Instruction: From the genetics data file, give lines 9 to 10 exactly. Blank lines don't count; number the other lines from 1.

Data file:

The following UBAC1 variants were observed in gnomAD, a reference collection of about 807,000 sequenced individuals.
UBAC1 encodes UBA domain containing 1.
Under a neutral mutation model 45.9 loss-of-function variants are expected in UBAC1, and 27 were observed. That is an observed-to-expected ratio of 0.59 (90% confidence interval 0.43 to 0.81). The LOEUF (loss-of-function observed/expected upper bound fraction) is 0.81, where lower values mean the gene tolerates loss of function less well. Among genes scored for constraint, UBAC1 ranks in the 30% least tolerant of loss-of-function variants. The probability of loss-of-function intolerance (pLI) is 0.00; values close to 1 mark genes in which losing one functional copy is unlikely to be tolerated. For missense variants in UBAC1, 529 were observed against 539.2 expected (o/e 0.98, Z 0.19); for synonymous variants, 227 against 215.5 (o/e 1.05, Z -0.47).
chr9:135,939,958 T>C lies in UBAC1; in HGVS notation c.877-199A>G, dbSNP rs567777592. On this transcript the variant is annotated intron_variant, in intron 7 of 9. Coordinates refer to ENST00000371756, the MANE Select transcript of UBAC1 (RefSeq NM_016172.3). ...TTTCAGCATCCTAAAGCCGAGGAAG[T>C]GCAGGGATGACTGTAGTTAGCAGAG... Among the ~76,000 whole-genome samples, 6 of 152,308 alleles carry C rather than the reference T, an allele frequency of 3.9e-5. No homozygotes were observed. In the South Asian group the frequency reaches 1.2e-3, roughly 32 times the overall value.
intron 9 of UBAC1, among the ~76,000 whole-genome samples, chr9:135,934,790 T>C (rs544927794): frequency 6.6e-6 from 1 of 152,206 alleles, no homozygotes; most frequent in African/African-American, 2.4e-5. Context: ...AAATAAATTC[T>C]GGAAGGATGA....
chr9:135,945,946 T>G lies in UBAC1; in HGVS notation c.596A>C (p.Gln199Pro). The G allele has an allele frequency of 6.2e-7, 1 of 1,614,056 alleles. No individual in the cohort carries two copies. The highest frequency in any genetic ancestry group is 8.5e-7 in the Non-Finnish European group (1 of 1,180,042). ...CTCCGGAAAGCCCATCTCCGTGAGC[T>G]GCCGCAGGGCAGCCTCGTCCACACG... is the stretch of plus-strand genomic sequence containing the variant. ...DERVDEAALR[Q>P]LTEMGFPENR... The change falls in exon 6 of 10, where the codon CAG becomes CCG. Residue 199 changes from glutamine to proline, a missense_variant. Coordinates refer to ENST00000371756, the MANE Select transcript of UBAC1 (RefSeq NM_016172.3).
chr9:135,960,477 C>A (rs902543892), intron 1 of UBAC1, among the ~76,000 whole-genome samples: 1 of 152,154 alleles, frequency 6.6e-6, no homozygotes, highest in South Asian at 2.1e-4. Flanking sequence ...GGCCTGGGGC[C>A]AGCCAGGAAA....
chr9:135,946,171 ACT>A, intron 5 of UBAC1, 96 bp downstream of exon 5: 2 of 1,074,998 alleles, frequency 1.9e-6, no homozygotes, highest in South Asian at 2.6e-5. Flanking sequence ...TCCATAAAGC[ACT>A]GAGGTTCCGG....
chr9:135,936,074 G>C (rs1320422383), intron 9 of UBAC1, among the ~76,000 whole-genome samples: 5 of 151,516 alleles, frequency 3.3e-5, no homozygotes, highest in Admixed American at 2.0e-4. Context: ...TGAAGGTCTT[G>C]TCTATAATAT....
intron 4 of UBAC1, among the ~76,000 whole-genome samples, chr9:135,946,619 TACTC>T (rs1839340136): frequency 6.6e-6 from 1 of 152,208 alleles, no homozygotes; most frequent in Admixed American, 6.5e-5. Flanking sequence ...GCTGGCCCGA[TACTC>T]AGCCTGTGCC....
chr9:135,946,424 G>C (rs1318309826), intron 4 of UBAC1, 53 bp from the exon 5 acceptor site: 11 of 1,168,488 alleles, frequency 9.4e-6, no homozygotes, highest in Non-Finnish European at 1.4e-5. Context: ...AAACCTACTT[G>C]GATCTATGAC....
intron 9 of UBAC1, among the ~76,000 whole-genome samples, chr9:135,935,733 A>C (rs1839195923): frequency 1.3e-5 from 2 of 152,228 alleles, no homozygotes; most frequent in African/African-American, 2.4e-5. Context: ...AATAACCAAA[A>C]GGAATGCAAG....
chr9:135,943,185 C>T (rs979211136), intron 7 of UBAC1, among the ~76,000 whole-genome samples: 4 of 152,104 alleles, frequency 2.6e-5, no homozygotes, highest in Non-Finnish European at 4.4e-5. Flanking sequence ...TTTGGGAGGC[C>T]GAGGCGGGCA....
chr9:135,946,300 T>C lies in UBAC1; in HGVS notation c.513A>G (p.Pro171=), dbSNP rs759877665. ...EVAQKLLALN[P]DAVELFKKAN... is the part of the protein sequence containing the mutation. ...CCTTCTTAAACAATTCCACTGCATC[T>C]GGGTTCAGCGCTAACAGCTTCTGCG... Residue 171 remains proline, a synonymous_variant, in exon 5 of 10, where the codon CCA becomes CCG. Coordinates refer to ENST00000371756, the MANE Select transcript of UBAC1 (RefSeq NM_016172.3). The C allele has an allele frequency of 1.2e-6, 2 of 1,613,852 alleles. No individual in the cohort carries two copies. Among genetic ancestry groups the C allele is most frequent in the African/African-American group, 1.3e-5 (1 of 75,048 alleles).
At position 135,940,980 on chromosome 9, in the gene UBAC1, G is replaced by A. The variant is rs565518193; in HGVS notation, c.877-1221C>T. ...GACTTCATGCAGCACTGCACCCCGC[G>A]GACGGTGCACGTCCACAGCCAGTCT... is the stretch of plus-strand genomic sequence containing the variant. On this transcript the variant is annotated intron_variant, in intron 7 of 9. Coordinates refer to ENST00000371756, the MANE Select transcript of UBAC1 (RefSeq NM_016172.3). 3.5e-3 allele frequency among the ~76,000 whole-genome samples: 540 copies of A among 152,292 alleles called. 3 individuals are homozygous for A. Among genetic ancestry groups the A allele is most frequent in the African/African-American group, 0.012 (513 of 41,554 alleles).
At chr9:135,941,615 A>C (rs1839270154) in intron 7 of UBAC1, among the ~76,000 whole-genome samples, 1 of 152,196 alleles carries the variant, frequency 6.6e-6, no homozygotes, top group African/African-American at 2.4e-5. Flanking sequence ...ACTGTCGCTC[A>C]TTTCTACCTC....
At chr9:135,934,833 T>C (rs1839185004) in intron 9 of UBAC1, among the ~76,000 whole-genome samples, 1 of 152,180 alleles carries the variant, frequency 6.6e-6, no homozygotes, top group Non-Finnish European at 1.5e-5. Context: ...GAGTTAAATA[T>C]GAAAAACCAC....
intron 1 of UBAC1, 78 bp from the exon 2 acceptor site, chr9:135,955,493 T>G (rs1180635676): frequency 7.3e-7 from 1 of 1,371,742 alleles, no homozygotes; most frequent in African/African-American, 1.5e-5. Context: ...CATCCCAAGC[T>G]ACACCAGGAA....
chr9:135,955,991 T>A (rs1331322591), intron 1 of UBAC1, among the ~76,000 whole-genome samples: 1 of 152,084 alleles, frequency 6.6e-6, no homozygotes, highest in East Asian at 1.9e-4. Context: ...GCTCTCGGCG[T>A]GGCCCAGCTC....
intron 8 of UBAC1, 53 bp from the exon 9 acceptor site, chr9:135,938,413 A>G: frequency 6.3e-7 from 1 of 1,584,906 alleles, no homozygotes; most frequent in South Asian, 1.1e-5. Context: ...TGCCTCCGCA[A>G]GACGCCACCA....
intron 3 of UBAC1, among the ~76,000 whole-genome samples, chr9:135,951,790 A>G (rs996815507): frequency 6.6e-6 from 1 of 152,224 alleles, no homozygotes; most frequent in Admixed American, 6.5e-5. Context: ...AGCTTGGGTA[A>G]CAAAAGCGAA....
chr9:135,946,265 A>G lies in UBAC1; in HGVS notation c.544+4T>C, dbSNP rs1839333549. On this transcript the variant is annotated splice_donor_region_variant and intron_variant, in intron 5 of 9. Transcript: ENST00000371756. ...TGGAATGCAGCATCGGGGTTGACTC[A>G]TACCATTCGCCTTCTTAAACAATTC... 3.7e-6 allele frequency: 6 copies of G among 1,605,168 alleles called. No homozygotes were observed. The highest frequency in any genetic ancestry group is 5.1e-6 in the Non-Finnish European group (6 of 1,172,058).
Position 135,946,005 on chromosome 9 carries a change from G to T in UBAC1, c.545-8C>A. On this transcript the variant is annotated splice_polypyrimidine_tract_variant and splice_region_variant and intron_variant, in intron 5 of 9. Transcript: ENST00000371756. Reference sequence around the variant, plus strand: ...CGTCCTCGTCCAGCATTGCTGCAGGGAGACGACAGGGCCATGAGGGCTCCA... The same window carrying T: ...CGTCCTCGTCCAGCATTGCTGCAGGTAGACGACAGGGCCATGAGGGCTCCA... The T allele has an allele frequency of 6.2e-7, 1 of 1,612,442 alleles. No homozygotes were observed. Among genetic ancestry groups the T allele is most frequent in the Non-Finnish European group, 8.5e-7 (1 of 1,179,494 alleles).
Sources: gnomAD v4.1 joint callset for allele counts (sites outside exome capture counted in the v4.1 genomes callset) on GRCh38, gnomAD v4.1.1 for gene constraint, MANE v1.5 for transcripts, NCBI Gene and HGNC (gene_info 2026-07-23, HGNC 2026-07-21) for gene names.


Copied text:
chr9:135,936,074 G>C (rs1320422383), intron 9 of UBAC1, among the ~76,000 whole-genome samples: 5 of 151,516 alleles, frequency 3.3e-5, no homozygotes, highest in Admixed American at 2.0e-4. Context: ...TGAAGGTCTT[G>C]TCTATAATAT....
intron 4 of UBAC1, among the ~76,000 whole-genome samples, chr9:135,946,619 TACTC>T (rs1839340136): frequency 6.6e-6 from 1 of 152,208 alleles, no homozygotes; most frequent in Admixed American, 6.5e-5. Flanking sequence ...GCTGGCCCGA[TACTC>T]AGCCTGTGCC....